Out of the maze of conflicting opinions regarding asthma, it is agreed that it is a syndrome of which the cause is unknown but which is alleviated and sometimes cured by various procedures, such as the administration of specific or nonspecific proteins as well as the removal of infected foci.
It is further agreed that rather than indiscriminately operate on these persons one should first undertake a most elaborate allergic and laboratory survey. Only after failure of the allergist should operative procedures be considered. Further, it must be conceded that the allergic person is entitled to a cure of his sinus difficulties as is the nonallergic person and that when he presents himself to the rhinologist with chronic sinusitis the condition must be palliated. Should radical procedures be required, his allergic condition certainly would not be a contraindication to those manipulations.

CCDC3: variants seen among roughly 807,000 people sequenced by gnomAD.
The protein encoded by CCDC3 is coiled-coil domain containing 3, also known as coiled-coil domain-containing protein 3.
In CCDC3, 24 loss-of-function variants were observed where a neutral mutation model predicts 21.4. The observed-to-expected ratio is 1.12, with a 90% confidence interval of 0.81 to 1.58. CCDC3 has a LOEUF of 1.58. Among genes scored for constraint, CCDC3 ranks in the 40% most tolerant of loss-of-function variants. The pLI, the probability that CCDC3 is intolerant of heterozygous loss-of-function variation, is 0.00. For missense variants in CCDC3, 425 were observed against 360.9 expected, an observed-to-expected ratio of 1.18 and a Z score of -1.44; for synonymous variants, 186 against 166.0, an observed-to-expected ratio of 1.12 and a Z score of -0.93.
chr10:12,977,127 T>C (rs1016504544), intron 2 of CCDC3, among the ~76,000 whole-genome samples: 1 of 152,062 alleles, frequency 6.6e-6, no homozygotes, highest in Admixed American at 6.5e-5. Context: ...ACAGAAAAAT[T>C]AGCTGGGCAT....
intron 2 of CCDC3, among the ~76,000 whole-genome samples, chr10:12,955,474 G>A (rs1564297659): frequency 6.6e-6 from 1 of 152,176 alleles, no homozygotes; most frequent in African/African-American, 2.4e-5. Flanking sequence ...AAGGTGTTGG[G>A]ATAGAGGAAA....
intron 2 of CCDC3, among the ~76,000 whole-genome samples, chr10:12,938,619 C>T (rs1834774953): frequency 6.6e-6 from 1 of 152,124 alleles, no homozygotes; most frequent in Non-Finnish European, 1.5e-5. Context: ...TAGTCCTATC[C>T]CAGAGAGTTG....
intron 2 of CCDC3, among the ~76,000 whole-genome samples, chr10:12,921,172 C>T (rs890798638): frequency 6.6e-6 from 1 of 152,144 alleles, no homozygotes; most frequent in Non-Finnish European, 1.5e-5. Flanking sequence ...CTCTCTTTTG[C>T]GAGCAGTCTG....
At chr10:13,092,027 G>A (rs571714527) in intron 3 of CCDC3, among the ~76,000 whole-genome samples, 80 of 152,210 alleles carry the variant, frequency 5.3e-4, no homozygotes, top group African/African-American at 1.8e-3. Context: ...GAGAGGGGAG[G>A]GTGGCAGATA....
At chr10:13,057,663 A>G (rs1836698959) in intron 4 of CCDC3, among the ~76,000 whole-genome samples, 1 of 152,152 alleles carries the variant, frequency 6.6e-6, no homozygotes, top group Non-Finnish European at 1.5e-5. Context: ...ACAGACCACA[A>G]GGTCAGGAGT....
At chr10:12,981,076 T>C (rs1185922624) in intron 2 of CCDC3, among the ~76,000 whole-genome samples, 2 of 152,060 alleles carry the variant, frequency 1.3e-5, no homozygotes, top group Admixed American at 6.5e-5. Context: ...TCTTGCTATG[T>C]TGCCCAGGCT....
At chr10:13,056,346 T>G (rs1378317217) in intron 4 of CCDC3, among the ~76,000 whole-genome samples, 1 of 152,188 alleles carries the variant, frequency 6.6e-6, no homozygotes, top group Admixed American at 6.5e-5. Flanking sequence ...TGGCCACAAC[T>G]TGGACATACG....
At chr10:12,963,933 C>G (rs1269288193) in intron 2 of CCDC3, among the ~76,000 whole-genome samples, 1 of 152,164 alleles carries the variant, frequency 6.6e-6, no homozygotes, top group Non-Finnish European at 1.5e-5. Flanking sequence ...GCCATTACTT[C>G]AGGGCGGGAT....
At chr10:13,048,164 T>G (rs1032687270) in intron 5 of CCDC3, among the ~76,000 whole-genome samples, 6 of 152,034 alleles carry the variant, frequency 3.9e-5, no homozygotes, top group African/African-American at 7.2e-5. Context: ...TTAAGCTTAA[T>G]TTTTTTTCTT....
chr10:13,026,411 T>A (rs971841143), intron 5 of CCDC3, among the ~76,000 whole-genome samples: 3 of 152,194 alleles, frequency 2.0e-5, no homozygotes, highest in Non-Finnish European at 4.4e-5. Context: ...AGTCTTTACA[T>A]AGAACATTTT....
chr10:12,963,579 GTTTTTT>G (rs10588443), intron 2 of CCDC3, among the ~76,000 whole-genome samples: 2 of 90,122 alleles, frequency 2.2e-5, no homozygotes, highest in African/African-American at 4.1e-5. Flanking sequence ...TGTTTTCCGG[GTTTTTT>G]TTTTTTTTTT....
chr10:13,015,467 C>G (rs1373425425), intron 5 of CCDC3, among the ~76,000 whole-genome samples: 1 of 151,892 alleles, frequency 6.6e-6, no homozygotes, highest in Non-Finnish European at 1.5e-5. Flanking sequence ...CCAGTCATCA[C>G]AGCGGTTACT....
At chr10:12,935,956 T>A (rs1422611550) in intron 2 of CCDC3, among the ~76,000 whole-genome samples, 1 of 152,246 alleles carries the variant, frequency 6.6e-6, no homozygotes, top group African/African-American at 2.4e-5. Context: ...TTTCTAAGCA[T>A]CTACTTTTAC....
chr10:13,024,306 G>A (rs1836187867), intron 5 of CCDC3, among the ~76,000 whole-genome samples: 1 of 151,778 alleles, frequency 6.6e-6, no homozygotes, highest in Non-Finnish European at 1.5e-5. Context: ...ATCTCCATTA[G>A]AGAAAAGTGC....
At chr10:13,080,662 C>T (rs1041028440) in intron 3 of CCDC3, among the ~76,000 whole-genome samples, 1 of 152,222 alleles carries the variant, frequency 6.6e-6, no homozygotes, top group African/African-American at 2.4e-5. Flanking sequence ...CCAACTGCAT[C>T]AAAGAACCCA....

On the other hand, failure in surgical treatment is
FOX N, HARNED JW. TREATMENT OF ASTHMATIC PATIENTS IN OTOLARYNGOLOGIC PRACTICE. Arch Otolaryngol. 1937;25(4):393–404. doi:10.1001/archotol.1937.00650010447005
Customize your JAMA Network experience by selecting one or more topics from the list below.